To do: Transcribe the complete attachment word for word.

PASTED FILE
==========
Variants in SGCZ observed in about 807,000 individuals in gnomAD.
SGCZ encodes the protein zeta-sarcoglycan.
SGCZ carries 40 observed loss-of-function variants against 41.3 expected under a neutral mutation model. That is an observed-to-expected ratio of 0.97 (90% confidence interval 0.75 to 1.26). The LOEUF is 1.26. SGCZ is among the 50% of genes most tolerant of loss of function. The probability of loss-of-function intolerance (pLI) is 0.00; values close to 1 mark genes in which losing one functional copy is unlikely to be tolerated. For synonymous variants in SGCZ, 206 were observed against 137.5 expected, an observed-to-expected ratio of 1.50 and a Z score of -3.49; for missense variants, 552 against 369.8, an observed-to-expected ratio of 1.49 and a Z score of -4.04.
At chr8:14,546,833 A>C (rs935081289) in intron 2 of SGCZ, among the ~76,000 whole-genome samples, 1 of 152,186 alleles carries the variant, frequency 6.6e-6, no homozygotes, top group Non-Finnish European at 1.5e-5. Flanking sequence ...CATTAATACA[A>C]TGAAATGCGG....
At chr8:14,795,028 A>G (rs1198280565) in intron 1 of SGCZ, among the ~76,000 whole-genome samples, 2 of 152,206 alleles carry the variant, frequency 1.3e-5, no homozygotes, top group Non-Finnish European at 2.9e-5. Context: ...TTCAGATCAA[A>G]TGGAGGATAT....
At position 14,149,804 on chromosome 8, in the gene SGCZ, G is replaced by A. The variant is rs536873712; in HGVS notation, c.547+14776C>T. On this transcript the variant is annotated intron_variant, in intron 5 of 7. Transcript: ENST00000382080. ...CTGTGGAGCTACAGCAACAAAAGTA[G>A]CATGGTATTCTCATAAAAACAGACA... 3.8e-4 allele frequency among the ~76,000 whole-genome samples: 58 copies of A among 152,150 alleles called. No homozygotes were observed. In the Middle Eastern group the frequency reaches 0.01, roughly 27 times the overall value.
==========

Variants in SGCZ observed in about 807,000 individuals in gnomAD.
SGCZ encodes the protein zeta-sarcoglycan.
SGCZ carries 40 observed loss-of-function variants against 41.3 expected under a neutral mutation model. That is an observed-to-expected ratio of 0.97 (90% confidence interval 0.75 to 1.26). The LOEUF is 1.26. SGCZ is among the 50% of genes most tolerant of loss of function. The probability of loss-of-function intolerance (pLI) is 0.00; values close to 1 mark genes in which losing one functional copy is unlikely to be tolerated. For synonymous variants in SGCZ, 206 were observed against 137.5 expected, an observed-to-expected ratio of 1.50 and a Z score of -3.49; for missense variants, 552 against 369.8, an observed-to-expected ratio of 1.49 and a Z score of -4.04.
At chr8:14,546,833 A>C (rs935081289) in intron 2 of SGCZ, among the ~76,000 whole-genome samples, 1 of 152,186 alleles carries the variant, frequency 6.6e-6, no homozygotes, top group Non-Finnish European at 1.5e-5. Flanking sequence ...CATTAATACA[A>C]TGAAATGCGG....
At chr8:14,795,028 A>G (rs1198280565) in intron 1 of SGCZ, among the ~76,000 whole-genome samples, 2 of 152,206 alleles carry the variant, frequency 1.3e-5, no homozygotes, top group Non-Finnish European at 2.9e-5. Context: ...TTCAGATCAA[A>G]TGGAGGATAT....
At position 14,149,804 on chromosome 8, in the gene SGCZ, G is replaced by A. The variant is rs536873712; in HGVS notation, c.547+14776C>T. On this transcript the variant is annotated intron_variant, in intron 5 of 7. Transcript: ENST00000382080. ...CTGTGGAGCTACAGCAACAAAAGTA[G>A]CATGGTATTCTCATAAAAACAGACA... 3.8e-4 allele frequency among the ~76,000 whole-genome samples: 58 copies of A among 152,150 alleles called. No homozygotes were observed. In the Middle Eastern group the frequency reaches 0.01, roughly 27 times the overall value.